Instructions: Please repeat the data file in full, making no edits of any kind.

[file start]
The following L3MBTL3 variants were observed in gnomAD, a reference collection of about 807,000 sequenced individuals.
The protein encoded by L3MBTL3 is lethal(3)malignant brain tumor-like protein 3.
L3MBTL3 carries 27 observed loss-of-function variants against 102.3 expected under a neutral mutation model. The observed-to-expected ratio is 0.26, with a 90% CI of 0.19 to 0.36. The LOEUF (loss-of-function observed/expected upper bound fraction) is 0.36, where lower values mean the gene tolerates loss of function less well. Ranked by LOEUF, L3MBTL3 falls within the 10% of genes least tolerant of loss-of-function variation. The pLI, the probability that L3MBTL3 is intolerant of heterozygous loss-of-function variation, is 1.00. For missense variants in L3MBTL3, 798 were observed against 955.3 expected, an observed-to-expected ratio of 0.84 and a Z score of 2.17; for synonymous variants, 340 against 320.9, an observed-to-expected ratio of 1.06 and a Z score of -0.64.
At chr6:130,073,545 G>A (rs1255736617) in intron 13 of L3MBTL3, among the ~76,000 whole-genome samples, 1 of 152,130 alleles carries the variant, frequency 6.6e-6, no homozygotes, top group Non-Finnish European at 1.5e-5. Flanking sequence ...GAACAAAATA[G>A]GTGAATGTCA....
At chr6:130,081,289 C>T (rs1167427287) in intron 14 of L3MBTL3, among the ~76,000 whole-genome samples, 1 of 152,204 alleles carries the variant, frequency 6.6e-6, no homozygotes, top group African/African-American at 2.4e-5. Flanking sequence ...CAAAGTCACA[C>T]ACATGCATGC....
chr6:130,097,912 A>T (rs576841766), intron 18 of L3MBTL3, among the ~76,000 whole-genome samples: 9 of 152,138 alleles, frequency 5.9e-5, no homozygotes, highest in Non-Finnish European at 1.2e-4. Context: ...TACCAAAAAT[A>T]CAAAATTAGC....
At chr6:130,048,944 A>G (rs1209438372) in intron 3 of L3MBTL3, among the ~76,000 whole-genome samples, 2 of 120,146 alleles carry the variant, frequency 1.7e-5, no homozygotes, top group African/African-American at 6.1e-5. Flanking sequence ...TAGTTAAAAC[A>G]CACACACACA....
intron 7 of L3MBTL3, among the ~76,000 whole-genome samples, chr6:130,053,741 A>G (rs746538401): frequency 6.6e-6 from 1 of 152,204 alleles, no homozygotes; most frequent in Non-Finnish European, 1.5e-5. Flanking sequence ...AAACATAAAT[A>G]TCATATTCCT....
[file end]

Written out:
The following L3MBTL3 variants were observed in gnomAD, a reference collection of about 807,000 sequenced individuals.
The protein encoded by L3MBTL3 is lethal(3)malignant brain tumor-like protein 3.
L3MBTL3 carries 27 observed loss-of-function variants against 102.3 expected under a neutral mutation model. The observed-to-expected ratio is 0.26, with a 90% CI of 0.19 to 0.36. The LOEUF (loss-of-function observed/expected upper bound fraction) is 0.36, where lower values mean the gene tolerates loss of function less well. Ranked by LOEUF, L3MBTL3 falls within the 10% of genes least tolerant of loss-of-function variation. The pLI, the probability that L3MBTL3 is intolerant of heterozygous loss-of-function variation, is 1.00. For missense variants in L3MBTL3, 798 were observed against 955.3 expected, an observed-to-expected ratio of 0.84 and a Z score of 2.17; for synonymous variants, 340 against 320.9, an observed-to-expected ratio of 1.06 and a Z score of -0.64.
At chr6:130,073,545 G>A (rs1255736617) in intron 13 of L3MBTL3, among the ~76,000 whole-genome samples, 1 of 152,130 alleles carries the variant, frequency 6.6e-6, no homozygotes, top group Non-Finnish European at 1.5e-5. Flanking sequence ...GAACAAAATA[G>A]GTGAATGTCA....
At chr6:130,081,289 C>T (rs1167427287) in intron 14 of L3MBTL3, among the ~76,000 whole-genome samples, 1 of 152,204 alleles carries the variant, frequency 6.6e-6, no homozygotes, top group African/African-American at 2.4e-5. Flanking sequence ...CAAAGTCACA[C>T]ACATGCATGC....
chr6:130,097,912 A>T (rs576841766), intron 18 of L3MBTL3, among the ~76,000 whole-genome samples: 9 of 152,138 alleles, frequency 5.9e-5, no homozygotes, highest in Non-Finnish European at 1.2e-4. Context: ...TACCAAAAAT[A>T]CAAAATTAGC....
At chr6:130,048,944 A>G (rs1209438372) in intron 3 of L3MBTL3, among the ~76,000 whole-genome samples, 2 of 120,146 alleles carry the variant, frequency 1.7e-5, no homozygotes, top group African/African-American at 6.1e-5. Flanking sequence ...TAGTTAAAAC[A>G]CACACACACA....
intron 7 of L3MBTL3, among the ~76,000 whole-genome samples, chr6:130,053,741 A>G (rs746538401): frequency 6.6e-6 from 1 of 152,204 alleles, no homozygotes; most frequent in Non-Finnish European, 1.5e-5. Flanking sequence ...AAACATAAAT[A>G]TCATATTCCT....